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Steve Jobs email dismisses VP8 video codec

Apple boss Steve Jobs has dismissed Google's much-trumpeted open source video codec by referring to a technical analysis written by a third-year college student.

According to Apple Insider, the Messaianic chief Macolyte was asked what he thought of the VP8 WebM video in an email, to which Steve simply replied with a link to a posting (opens in new tab) on Jason Garret-Glaser's Diary Of An x264 Developer blog.

From what we can tell, what Jason (aka Dark Shikari) doesn't know about video decoding probably isn't worth knowing, and he pretty roundly castigates the VP8 code for being poorly doucumented, badly written, slow and buggy. He also questions whether the codec is really open source and suggests that the patent trolls are currently waiting to pounce as soon as the standard gets a foothold. "VP8 copies way too much from H.264 for anyone sane to be comfortable with it, no matter whose word is behind the claim of being patent-free," said Glaser.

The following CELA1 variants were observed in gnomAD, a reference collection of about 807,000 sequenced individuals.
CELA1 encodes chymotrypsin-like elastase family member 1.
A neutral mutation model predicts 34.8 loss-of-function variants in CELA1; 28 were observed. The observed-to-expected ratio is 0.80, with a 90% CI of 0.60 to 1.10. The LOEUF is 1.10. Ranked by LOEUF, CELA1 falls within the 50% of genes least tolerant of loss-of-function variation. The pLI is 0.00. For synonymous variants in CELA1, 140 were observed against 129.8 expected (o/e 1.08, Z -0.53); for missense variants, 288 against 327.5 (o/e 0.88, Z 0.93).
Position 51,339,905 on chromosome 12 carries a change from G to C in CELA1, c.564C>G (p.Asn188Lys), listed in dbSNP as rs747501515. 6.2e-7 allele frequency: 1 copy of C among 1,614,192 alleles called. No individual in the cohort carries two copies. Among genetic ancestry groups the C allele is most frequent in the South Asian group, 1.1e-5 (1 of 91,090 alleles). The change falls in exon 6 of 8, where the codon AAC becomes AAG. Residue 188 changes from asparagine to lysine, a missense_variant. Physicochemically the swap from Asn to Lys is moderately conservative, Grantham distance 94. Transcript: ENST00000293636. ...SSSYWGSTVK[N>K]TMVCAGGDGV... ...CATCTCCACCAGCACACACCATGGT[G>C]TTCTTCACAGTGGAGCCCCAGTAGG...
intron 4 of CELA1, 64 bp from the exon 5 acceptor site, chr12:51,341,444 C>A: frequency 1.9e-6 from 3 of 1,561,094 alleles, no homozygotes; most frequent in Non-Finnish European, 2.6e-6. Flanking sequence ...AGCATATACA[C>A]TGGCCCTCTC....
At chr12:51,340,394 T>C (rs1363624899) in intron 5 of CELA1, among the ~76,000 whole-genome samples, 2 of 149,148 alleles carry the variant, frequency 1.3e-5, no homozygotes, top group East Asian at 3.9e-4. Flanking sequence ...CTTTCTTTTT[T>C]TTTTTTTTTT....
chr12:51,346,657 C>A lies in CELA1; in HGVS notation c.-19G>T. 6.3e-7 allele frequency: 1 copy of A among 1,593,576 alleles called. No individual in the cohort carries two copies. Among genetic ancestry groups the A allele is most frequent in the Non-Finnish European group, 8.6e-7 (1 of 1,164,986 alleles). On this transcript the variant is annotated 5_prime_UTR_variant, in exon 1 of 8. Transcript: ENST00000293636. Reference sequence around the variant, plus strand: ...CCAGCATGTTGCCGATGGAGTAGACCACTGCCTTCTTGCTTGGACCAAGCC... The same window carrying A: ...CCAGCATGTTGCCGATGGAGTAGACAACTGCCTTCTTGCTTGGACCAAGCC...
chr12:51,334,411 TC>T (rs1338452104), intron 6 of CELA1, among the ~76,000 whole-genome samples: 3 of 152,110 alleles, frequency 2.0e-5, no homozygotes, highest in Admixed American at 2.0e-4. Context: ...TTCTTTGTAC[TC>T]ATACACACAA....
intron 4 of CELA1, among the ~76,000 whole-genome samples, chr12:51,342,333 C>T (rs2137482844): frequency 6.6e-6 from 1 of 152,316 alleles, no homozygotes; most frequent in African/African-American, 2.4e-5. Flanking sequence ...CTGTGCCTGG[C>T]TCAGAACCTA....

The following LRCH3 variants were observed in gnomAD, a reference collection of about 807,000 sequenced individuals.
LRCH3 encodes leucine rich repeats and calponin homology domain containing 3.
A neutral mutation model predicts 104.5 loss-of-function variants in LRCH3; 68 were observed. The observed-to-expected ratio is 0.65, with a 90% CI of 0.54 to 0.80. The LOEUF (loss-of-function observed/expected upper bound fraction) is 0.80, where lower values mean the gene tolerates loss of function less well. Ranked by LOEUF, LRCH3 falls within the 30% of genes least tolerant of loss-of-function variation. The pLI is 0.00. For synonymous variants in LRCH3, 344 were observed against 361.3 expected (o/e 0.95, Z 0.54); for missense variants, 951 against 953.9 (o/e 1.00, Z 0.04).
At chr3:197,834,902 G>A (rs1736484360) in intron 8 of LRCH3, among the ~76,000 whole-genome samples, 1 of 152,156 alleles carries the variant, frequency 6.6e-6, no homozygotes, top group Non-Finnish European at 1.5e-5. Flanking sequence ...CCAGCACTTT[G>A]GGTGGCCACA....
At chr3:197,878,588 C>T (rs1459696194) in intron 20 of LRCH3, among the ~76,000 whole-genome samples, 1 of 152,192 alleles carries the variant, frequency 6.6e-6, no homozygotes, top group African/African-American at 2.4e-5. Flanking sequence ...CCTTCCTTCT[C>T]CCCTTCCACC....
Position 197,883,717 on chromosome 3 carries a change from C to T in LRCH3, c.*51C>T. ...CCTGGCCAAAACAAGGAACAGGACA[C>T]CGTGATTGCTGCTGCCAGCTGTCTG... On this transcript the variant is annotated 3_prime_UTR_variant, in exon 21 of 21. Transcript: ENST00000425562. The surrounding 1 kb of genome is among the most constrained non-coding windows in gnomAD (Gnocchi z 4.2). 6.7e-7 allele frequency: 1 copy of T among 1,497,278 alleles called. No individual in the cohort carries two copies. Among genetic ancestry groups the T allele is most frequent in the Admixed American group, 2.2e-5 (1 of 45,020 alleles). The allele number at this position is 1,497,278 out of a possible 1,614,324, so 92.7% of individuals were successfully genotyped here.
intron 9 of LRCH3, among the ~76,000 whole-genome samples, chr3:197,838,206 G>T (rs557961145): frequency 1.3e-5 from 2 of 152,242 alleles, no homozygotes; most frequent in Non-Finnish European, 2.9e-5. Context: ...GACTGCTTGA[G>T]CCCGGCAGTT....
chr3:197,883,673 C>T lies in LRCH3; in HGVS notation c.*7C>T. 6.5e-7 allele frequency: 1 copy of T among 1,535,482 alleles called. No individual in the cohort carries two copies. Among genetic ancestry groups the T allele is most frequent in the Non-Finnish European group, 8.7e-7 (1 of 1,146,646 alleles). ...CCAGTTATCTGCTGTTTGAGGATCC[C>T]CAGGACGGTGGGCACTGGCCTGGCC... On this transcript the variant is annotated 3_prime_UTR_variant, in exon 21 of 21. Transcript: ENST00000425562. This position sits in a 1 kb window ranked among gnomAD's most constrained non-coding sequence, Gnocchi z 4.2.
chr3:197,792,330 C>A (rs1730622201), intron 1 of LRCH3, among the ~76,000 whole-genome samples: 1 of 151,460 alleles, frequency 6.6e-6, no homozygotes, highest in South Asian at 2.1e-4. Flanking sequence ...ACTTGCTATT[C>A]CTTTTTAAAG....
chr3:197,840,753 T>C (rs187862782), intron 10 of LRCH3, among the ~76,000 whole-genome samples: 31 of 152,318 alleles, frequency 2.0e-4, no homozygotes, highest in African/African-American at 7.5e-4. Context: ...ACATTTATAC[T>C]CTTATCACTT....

Glaser's in-depth analysis of the codec's strengths and weaknesses bemoans the code's lack of proper adaptive quantization, lack of B-frames, lack of an 8×8 transform, and its non-adaptive loop filter.

As we reported yesterday (opens in new tab), some of the biggest names in the tech world - including chip makers the likes of ARM, Nvidia, MIPS, and Texas Instruments, and browser builders Mozilla and Opera - are queueing up to support the project.

Perhaps they would do well to take note of Glaser's conclusion which warns, "VP8 is not ready for prime-time; the spec is a pile of copy-pasted C code and the encoder’s interface is lacking in features and buggy. They aren’t even ready to finalise the bitstream format, let alone switch the world over to VP8.

"With the lack of a real spec, the VP8 software basically is the spec–and with the spec being 'final', any bugs are now set in stone. Such bugs have already been found and Google has rejected fixes."

Either Jobs doesn't like the sound of that, or he spends too many late nights noodling about on the Interweb. monitors all leading technology stories and rounds them up to help you save time hunting them down.